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Unless specifically defined in this section, words or phrases used in this chapter shall be interpreted according to the meaning they have in common usage.
ACCESSORY STRUCTURE: A structure on the same lot or parcel as a principal structure, the use of which is incidental and subordinate to the principal structure.
APPEAL: A request for review of the floodplain administrator's interpretation of provisions of this chapter or request for a variance.
AREA OF SPECIAL FLOOD HAZARD: The land in the floodplain within a community subject to a one percent (1%) or greater chance of flooding in any given year. Zone designations on FIRMs include the letters A, AE, V. Also known as the special flood hazard area (SFHA).
BASE FLOOD: The flood having a one percent (1%) chance of being equaled or exceeded each year. Also known as the "regulatory flood".
BASE FLOOD ELEVATION (BFE): The water surface elevation during the base flood in relation to a specified datum. The base flood elevation (BFE) is depicted on the FIRM to the nearest foot and in the FIS to the nearest 0.1 foot.
BASEMENT: The portion of a structure including crawl space with its floor subgrade (below ground level) on all sides.
BOARD: The elected governing city council of the city of Blackfoot, Idaho.
BUILDING: See definition of Structure.
DATUM: The vertical datum is a base measurement point (or set of points) from which all elevations are determined. Historically, that common set of points has been the national geodetic vertical datum of 1929 (NGVD29). The vertical datum currently adopted by the federal government as a basis for measuring heights is the North American vertical datum of 1988 (NAVD88).
DEVELOPMENT: Any manmade change to improved or unimproved real estate, including, but not limited to, the construction of buildings, structures or accessory structures, or the construction of additions or substantial improvements to buildings, structures or accessory structures; the placement of mobile homes; mining, dredging, filling, grading, paving, excavation or drilling operations; and the deposition or extraction of materials; specifically including the construction of dikes, berms and levees. The term "development" does not include the operation, cleaning, maintenance or repair of any ditch, canal, lateral, drain, diversion structure or other irrigation or drainage works that is performed or authorized by the owner thereof pursuant to lawful rights and obligations.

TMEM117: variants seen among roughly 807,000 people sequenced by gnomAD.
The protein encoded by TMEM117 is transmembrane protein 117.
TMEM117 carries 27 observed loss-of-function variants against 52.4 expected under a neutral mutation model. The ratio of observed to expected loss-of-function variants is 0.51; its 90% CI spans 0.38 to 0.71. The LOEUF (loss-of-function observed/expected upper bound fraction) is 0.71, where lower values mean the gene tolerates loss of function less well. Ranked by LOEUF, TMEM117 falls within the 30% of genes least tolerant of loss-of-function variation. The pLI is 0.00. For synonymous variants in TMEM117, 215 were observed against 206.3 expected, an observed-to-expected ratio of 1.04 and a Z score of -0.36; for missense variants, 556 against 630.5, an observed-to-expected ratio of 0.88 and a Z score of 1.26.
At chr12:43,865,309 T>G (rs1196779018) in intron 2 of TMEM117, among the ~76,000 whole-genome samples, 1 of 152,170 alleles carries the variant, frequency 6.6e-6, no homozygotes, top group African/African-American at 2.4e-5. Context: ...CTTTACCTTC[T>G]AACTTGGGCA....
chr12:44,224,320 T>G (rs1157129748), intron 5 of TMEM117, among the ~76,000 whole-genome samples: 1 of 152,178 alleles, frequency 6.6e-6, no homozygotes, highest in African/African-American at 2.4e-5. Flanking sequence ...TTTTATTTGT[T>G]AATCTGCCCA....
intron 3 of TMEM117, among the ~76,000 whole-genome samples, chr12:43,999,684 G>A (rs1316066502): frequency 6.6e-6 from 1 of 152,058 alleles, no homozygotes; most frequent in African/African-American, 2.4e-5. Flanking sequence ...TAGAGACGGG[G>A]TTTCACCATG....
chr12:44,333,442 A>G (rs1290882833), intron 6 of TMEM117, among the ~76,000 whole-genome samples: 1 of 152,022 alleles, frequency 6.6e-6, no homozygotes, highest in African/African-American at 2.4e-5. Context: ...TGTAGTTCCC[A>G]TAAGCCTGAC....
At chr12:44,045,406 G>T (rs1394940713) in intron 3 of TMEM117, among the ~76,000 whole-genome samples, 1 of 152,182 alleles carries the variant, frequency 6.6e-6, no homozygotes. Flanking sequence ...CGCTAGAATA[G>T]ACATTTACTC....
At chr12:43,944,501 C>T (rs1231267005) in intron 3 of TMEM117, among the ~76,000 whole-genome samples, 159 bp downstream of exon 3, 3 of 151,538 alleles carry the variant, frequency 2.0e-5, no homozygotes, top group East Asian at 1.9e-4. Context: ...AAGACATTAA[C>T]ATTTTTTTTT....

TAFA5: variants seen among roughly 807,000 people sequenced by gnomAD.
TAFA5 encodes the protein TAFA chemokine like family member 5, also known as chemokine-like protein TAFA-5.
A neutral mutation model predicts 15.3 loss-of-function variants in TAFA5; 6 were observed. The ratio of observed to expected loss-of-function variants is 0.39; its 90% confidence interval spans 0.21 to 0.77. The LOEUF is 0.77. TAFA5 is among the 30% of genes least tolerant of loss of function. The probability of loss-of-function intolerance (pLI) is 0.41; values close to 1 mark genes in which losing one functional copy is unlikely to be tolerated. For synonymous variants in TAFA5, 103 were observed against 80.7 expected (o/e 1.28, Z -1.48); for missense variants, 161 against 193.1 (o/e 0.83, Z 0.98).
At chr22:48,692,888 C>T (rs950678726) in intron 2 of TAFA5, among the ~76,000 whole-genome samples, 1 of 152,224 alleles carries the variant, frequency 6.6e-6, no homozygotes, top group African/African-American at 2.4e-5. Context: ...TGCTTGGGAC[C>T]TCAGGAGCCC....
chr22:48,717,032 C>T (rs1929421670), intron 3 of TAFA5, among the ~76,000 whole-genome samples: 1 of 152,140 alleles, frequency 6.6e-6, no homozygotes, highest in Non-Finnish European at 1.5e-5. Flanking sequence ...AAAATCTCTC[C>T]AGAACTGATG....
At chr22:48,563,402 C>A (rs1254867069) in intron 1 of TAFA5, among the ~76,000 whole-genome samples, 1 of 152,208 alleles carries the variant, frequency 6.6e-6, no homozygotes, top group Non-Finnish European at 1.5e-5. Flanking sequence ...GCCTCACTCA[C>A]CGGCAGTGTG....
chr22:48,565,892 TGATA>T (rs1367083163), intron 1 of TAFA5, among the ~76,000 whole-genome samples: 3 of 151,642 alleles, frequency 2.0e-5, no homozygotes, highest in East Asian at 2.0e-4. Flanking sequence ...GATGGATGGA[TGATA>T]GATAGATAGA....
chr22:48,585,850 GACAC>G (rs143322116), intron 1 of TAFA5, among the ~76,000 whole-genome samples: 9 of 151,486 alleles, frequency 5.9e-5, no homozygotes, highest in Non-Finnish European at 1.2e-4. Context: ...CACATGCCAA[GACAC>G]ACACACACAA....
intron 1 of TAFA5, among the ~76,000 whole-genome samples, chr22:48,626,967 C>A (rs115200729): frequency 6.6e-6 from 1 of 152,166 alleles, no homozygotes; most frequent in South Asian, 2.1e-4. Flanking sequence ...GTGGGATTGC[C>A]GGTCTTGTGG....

DIGITAL FIRM (DFIRM): Digital flood insurance rate map. It depicts flood risk and zones and flood risk information. The DFIRM presents the flood risk information in a format suitable for electronic mapping applications.
EXISTING CONSTRUCTION: A structure for which the "start of construction" commenced before November 15, 1979.
EXISTING MANUFACTURED HOME PARK OR SUBDIVISION: A manufactured home park or subdivision for which the "start of construction" commenced before November 15, 1979.
EXPANSION TO AN EXISTING MANUFACTURED HOME PARK OR SUBDIVISION: The preparation of additional sites by the construction of facilities for servicing the lots on which the manufactured homes are to be affixed, including the installation of utilities, the construction of streets, and either final site grading or the pouring of concrete pads.
FEDERAL EMERGENCY MANAGEMENT AGENCY (FEMA): The agency with the overall responsibility for administering the national flood insurance program.
FLOOD FRINGE: The portion of the floodplain outside of the floodway covered by floodwaters during the regulatory flood.
FLOOD INSURANCE RATE MAP (FIRM): An official map of a community, issued by the federal insurance administration, delineating the areas of special flood hazard and/or risk premium zones applicable to the community.
FLOOD INSURANCE STUDY (FIS): The official report by the federal insurance administration evaluating flood hazards and containing flood profiles, floodway boundaries and water surface elevations of the base flood.
FLOOD OR FLOODING: A general and temporary condition of partial or complete inundation of normally dry land areas from:
A. The overflow of inland or tidal waters; or
B. The unusual and rapid accumulation or runoff of surface waters from any source.